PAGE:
As an additional side, we have the ever underappreciated Envelop. Envelop started to flare up a bit last year thanks to its efficiency against Show and Tell decks, which were at the height of their power in 2013. While it’s still decent there and in some other combo matchups, I imagine that Terminus is a true villain as well. My list focused on beating Miracles decks by preventing them from winning the game or stabilizing in a locked position, enabling me to eventually recover from even several sweepers, but you can’t effectively balance threat deployment in an Edric deck—you always have to commit at least two!
Bahra’s not the only one tricking out Edric however.
Eric didn’t have the same . . . dedication, but his singleton Edric is sly and works for many of the same reasons. The rest of this deck resembles a combination of various iterations of Four-Color Delver I’ve seen through the past year. Shifting to emphasize Young Pyromancer as a creature isn’t a huge change considering it and True-Name Nemesis both die to basically all of the same cards. Pyromancer is better in some spots and more mana efficient, so that’s not nothing.
Congrats to Eric, who finally dropped those dumb Rituals and returned to finding Secrets. We missed you buddy!
Another new twist on an older favorite:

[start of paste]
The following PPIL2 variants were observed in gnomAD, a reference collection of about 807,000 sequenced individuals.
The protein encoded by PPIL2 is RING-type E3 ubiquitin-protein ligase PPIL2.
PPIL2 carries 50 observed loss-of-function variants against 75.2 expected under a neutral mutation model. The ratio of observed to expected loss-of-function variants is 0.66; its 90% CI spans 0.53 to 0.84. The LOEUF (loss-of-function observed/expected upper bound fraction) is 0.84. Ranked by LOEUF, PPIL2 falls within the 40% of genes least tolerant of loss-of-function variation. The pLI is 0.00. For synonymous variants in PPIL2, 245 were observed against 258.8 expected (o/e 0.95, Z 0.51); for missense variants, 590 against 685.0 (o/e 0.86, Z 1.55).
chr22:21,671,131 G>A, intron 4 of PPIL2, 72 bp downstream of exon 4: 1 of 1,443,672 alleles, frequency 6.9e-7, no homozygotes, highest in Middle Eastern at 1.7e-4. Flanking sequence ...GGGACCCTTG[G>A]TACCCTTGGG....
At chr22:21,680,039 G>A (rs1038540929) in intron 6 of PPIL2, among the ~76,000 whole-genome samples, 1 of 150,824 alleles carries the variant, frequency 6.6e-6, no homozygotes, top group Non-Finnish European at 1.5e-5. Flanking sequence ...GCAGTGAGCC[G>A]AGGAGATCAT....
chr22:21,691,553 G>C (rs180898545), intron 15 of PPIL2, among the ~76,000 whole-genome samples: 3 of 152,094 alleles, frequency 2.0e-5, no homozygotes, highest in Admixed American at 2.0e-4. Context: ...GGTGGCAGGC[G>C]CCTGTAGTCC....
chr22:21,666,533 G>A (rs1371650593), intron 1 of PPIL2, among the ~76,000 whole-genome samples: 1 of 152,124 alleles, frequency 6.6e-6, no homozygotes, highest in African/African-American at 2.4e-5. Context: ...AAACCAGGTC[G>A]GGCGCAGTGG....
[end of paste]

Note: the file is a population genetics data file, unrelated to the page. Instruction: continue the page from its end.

- 1 Squee, Goblin Nabob
- 3 Dark Confidant
- 3 Bloodbraid Elf
- 4 Bloodghast
- 1 Blood Artist
- 4 Deathrite Shaman
- 4 Young Pyromancer
Caesar1994 appears to have gotten to the point I was at before I stopped working on adapting Sam Black’s Zombies deck in Legacy. While I worked on this archetype prior to Young Pyromancer, the logic remains the same. Gravecrawler has stopped being worth it, and the "real" cards you’re giving up for the synergies are just not as good.
I was jamming Bobs, Shamans, and more "real creatures" too, but I never thought to try out Bloodbraid Elf! The Elf’s effective against non-combo decks, but I’m not really sold on it in this archetype specifically. With so many hand disruption spells, your opponent gets to dodge a real hit from the cascade trigger in the later turns or mitigate the damage with Brainstorm. Against something like Miracles, those discard spells will often work out, but is that worthwhile?
Also, check out Destructive Revelry. That’s the first time I’ve seen it in Legacy, but the story checks out. If Smash to Smithereens makes the cut sometimes, then all Revelry needs is a deck capable of casting it that also wants to.